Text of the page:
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Indigenous America

Morally and ethically groomed over time,  the United States of America its values shared, of family and a love of country are in the midst of great change.
 
Deep inside every American, you will find hope, determination, and a passion
to support this country and its mission to be the best it can be.
 
Recently,  the vision for America has matured many of us have become aware of the filter that has shielded our eyes from truth allowing us to see with clarity behind the veil.
 
The crumbling statues of our heroes were devastating and misunderstood
by some, but its purpose remains,
 to stir hearts and minds,  to see these figures in American history as human the behaviors and beliefs once overlooked are now scrutinized,
their prejudice or implicit bias has
been identified placing them alongside every American with a need to shed racial conflict 
 
People from all corners of the earth
have struggled,  fought, even died
to bring their families to  these shores
of prosperity 
 
With respect, we recognize those
that came to "stake their claim",  those who have contributed to this country and helped to make it the greatest
 in the world 
 
What of the indigenous people's
where are the heroes?
The men and women who have worked hard to build this country.
The ones who made their mark
to preserve our soil our water and their way of life despite forced assimilation 
 
Their approach, a different perspective in that their tradition is to honor mother earth and to give back what has been taken away.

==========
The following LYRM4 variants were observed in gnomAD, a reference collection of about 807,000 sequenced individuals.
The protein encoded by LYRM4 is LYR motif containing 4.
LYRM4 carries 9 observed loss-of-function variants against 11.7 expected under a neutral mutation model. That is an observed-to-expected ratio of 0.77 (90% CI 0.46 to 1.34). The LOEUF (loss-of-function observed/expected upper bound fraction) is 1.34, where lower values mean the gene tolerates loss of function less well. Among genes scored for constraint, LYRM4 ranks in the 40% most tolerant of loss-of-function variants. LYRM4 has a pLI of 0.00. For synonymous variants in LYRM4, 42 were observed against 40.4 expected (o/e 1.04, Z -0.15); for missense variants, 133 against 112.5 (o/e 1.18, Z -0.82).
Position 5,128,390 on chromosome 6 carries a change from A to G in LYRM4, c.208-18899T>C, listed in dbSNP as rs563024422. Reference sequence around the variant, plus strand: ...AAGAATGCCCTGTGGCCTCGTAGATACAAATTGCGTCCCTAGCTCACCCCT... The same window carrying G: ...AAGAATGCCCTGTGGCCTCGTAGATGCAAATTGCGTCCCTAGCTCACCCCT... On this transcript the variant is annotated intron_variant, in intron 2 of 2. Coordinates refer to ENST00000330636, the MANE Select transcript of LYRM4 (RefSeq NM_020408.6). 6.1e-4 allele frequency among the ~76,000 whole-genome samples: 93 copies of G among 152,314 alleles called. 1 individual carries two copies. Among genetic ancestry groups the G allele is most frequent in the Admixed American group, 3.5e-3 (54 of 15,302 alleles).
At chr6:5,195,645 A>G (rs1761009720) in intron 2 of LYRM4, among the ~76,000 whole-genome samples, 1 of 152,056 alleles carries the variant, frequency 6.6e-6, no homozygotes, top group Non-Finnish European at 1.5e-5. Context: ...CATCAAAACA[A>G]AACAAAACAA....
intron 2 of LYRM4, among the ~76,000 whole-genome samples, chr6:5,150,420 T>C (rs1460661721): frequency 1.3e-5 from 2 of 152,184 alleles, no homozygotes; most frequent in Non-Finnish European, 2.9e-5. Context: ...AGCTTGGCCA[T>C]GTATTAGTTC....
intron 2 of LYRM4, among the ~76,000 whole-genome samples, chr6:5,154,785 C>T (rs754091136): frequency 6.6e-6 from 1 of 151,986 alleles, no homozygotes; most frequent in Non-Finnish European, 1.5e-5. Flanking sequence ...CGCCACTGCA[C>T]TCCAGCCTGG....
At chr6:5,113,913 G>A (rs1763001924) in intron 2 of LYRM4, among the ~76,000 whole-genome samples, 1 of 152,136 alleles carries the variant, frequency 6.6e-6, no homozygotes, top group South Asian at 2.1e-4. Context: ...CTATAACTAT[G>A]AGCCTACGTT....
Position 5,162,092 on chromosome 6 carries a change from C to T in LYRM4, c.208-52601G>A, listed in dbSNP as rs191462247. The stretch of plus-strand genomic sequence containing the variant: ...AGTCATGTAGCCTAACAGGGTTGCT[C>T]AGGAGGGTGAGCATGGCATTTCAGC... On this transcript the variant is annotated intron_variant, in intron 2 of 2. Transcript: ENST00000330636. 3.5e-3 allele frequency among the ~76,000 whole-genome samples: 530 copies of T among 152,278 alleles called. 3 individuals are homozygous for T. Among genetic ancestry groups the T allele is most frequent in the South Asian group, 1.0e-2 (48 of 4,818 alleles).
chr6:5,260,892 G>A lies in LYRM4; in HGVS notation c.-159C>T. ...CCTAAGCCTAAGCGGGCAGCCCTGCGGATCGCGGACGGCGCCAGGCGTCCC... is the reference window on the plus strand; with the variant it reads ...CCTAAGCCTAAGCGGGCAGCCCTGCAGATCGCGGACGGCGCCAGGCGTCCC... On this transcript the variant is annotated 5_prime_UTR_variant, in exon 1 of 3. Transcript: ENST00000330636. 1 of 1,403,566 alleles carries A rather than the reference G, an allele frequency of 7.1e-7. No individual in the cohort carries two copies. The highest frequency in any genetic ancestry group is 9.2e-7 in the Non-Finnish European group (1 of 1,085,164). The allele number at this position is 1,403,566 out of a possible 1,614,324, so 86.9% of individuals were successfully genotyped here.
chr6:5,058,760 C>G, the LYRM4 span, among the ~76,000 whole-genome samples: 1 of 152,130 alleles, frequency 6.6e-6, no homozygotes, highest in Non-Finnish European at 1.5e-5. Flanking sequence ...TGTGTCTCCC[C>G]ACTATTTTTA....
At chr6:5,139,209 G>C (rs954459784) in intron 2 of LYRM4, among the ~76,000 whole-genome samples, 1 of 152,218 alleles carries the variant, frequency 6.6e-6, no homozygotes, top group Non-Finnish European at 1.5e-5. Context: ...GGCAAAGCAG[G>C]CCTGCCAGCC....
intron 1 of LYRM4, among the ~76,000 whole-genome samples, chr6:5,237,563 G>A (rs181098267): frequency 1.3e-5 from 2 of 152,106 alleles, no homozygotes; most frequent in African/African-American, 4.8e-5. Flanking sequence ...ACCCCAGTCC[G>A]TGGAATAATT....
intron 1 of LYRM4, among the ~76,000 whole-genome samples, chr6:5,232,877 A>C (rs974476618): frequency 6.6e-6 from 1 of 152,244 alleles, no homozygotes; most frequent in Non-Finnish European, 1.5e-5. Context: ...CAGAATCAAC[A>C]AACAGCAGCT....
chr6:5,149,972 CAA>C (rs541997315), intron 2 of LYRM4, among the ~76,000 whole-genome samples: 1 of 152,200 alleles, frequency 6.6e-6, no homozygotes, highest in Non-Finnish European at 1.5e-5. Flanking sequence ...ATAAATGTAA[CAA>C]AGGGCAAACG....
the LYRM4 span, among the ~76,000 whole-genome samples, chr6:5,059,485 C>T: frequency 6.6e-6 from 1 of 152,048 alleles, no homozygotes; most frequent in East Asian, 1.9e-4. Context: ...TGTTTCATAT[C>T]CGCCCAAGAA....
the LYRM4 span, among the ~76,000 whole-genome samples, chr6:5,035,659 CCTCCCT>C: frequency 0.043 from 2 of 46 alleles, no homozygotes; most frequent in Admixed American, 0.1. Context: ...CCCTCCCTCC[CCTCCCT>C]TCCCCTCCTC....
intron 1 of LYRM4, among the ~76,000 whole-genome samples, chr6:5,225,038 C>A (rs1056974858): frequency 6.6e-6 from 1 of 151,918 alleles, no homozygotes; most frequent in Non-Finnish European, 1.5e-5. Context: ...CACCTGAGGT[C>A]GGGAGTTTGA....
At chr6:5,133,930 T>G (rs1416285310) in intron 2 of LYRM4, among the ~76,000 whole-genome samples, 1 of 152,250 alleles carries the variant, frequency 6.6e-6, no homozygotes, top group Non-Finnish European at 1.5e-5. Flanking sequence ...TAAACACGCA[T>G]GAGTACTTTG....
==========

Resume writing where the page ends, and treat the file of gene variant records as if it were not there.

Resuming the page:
To strike a balance on this planet
 In hopes that our children's children
will reap the benefits that this land
 has to offer 
 
I would like to tell you of a few highly remarkable indigenous people, Americans that should be recognized
as our heroes, and their stories told
for generations to come 
 
It's time to honor the lives of the indigenous people of this country
and their effect on every one of us
 who call this land their home 
 
Susan La Flesche Picotte 
from the Omaha tribe 
The first Native American
female doctor
 the mid-1800s
 
Sarah Winnemucca,  daughter
 of the Chief of the Piutes a fierce advocate for indigenous people in 1877
 
Mary Golda Ross from the Cherokee Nation  co-author of one of NASA's handbooks 
 
Joy Harjo from the Muscogee Creek Nation  the countries first Native American US Poet Laureate 
 
Lastly Buffalo Calf Road Woman a brave Cherokee woman who fought alongside her husband and brother at Little Big Horn 
 
 Use this as a reminder to the people
of this country of the countless indigenous people who deserve
to be recognized, remembered, and honored for their achievements 
 
I encourage the United States of America  to take an admirable  step
by replacing Columbus Day with Indigenous People's Day
and  to furthermore make it
 a federal holiday 
 
 
©Valeriya Long
2020  
 
Valeriyabeyond
Written by Valeriyabeyond (Valeriya)
Published
Author's Note
Written for Indigenous People Competion
All writing remains the property of the author. Don't use it for any purpose without their permission.
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